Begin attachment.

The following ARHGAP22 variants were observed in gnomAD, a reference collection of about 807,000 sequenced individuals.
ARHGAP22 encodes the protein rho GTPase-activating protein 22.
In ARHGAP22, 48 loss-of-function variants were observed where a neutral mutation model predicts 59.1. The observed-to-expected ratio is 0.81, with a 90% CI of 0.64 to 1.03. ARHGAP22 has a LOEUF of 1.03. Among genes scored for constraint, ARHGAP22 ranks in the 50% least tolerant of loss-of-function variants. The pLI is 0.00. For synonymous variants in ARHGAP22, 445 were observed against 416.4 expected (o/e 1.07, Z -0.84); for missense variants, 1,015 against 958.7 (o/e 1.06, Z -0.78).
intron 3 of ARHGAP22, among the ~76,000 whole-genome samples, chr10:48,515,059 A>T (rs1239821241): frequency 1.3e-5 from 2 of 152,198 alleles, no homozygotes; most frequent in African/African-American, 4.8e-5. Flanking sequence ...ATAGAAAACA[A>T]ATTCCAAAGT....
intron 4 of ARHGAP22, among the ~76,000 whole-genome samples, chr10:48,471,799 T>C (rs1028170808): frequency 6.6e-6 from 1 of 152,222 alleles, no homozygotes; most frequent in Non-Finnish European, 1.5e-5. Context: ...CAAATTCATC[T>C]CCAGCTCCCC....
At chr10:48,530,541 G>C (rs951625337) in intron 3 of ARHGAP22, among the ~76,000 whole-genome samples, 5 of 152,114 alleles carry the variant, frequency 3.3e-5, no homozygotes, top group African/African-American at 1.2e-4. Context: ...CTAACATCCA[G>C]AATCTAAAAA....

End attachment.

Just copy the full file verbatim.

The following ARHGAP22 variants were observed in gnomAD, a reference collection of about 807,000 sequenced individuals.
ARHGAP22 encodes the protein rho GTPase-activating protein 22.
In ARHGAP22, 48 loss-of-function variants were observed where a neutral mutation model predicts 59.1. The observed-to-expected ratio is 0.81, with a 90% CI of 0.64 to 1.03. ARHGAP22 has a LOEUF of 1.03. Among genes scored for constraint, ARHGAP22 ranks in the 50% least tolerant of loss-of-function variants. The pLI is 0.00. For synonymous variants in ARHGAP22, 445 were observed against 416.4 expected (o/e 1.07, Z -0.84); for missense variants, 1,015 against 958.7 (o/e 1.06, Z -0.78).
intron 3 of ARHGAP22, among the ~76,000 whole-genome samples, chr10:48,515,059 A>T (rs1239821241): frequency 1.3e-5 from 2 of 152,198 alleles, no homozygotes; most frequent in African/African-American, 4.8e-5. Flanking sequence ...ATAGAAAACA[A>T]ATTCCAAAGT....
intron 4 of ARHGAP22, among the ~76,000 whole-genome samples, chr10:48,471,799 T>C (rs1028170808): frequency 6.6e-6 from 1 of 152,222 alleles, no homozygotes; most frequent in Non-Finnish European, 1.5e-5. Context: ...CAAATTCATC[T>C]CCAGCTCCCC....
At chr10:48,530,541 G>C (rs951625337) in intron 3 of ARHGAP22, among the ~76,000 whole-genome samples, 5 of 152,114 alleles carry the variant, frequency 3.3e-5, no homozygotes, top group African/African-American at 1.2e-4. Context: ...CTAACATCCA[G>C]AATCTAAAAA....